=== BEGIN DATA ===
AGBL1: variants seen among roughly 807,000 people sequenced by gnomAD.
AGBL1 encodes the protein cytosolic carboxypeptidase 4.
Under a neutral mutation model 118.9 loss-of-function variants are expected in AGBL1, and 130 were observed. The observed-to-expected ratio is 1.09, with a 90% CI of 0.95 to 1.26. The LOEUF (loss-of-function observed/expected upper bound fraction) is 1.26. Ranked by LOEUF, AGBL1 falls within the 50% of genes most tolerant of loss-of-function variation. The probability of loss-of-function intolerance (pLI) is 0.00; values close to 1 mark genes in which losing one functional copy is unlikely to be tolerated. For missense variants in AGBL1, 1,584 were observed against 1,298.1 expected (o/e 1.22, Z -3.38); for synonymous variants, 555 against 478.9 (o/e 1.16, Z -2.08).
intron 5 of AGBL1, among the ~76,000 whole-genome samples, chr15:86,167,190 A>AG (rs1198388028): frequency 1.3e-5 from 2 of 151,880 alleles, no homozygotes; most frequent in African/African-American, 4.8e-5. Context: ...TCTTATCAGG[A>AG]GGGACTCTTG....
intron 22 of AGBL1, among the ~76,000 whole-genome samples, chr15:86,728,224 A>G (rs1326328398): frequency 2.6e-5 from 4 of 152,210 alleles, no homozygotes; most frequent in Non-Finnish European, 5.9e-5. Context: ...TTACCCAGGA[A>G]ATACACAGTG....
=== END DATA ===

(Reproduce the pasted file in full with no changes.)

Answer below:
AGBL1: variants seen among roughly 807,000 people sequenced by gnomAD.
AGBL1 encodes the protein cytosolic carboxypeptidase 4.
Under a neutral mutation model 118.9 loss-of-function variants are expected in AGBL1, and 130 were observed. The observed-to-expected ratio is 1.09, with a 90% CI of 0.95 to 1.26. The LOEUF (loss-of-function observed/expected upper bound fraction) is 1.26. Ranked by LOEUF, AGBL1 falls within the 50% of genes most tolerant of loss-of-function variation. The probability of loss-of-function intolerance (pLI) is 0.00; values close to 1 mark genes in which losing one functional copy is unlikely to be tolerated. For missense variants in AGBL1, 1,584 were observed against 1,298.1 expected (o/e 1.22, Z -3.38); for synonymous variants, 555 against 478.9 (o/e 1.16, Z -2.08).
intron 5 of AGBL1, among the ~76,000 whole-genome samples, chr15:86,167,190 A>AG (rs1198388028): frequency 1.3e-5 from 2 of 151,880 alleles, no homozygotes; most frequent in African/African-American, 4.8e-5. Context: ...TCTTATCAGG[A>AG]GGGACTCTTG....
intron 22 of AGBL1, among the ~76,000 whole-genome samples, chr15:86,728,224 A>G (rs1326328398): frequency 2.6e-5 from 4 of 152,210 alleles, no homozygotes; most frequent in Non-Finnish European, 5.9e-5. Context: ...TTACCCAGGA[A>G]ATACACAGTG....